The SEC, from top to bottom, and I think all the coaches across the country agree, this past year the SEC was the toughest conference. Perhaps other leagues might have had one or two teams that were better, but when you went down to the sixth-, seventh-, eighth-, ninth- and 10th-place teams, those teams in our conference were very tough ballclubs.
I always use Vanderbilt as an example. They finished eighth in our league, yet they beat the national champions (Indiana), Notre Dame, Kansas State, Missouri and New Mexico—teams that were playing in the NCAA tournament.
So, our schedule this year will be very tough. We're playing Syracuse, Indiana, Notre Dame and Louisville. . .those are all outstanding basketball teams. Plus, we'll be playing our conference schedule.
Question: This past summer during the SEC meetings there was talk about reducing the league schedule. Have you had any feedback from the other coaches, administrators or from UK President Dr. David Ro-selle?
Eddie Sutton: No, I haven't really talked to anyone about that. The coaches voted 10 to zero to reduce the schedule from 18 to 14 (games). There are a lot of reasons for doing that. I think it would be beneficial to all institutions. The coaches certainly agree that it would be.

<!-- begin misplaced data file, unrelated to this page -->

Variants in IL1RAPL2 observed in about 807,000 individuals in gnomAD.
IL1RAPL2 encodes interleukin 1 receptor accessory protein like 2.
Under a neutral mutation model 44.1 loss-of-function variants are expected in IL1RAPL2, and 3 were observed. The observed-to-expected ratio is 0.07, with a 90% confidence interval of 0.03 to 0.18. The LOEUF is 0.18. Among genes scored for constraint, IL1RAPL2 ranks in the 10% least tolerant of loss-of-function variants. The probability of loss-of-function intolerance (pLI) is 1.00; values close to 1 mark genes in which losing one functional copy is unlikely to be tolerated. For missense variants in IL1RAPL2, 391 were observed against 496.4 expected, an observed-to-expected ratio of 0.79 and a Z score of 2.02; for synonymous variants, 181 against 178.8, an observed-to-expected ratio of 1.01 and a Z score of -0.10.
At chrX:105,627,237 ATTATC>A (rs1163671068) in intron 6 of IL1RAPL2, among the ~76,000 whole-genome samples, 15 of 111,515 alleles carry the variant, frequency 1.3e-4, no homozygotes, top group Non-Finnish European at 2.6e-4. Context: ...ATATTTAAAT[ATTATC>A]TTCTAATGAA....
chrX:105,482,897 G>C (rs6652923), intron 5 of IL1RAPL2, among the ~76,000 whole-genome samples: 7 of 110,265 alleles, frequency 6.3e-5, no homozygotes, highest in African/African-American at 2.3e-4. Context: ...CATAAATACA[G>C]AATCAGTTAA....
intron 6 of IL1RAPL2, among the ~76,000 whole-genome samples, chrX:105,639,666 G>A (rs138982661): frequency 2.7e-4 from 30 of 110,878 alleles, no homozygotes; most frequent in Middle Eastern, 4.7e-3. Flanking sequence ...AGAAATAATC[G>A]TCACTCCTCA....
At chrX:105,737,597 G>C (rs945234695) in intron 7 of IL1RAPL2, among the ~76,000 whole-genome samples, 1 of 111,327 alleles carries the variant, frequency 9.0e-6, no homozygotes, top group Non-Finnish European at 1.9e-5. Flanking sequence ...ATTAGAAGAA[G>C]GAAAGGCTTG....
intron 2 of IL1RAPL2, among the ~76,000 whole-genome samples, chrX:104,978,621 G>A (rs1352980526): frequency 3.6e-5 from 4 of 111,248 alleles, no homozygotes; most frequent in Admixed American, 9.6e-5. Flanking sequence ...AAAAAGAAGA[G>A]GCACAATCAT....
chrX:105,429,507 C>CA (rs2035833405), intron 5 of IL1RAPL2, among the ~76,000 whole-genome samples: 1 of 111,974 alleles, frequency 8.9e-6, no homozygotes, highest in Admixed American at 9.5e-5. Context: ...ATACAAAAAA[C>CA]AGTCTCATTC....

I made the presentation to the athletic directors at the spring meeting and it was more or less tabled. But there are some who agree that they like the 18-game schedule. We haven't given up on it because the coaches feel very strongly about going to a 14-game schedule. It certainly would help the University of Kentucky from the standpoint we could play a lot more intersectional games. They probably would be national games—teams like UCLA and St. John's, which are traditionally in the Top Twenty every year.
But believe me, they wouldn't be any tougher than playing an SEC team. Every time we line up it seems like the intensity level rises everytime we play an SEC team. The fact that Mr. (Adolph) Rupp and Mr. (Joe) Hall beat them so soundly through the years, I think that one victory over the 'Cats is worth just as much as three over the other schools. We're always meeting a team that's sky high.
I don't think you see that as much when you play intersectional games. Playing in a league is great, and it is the only sport in our conference that plays for a "true" champion (18-game round-robin). But at the same time I really like the idea of playing some teams outside our conference. I think our fans would, too.
Interview conducted by Oscar Combs, The Cats' Pause.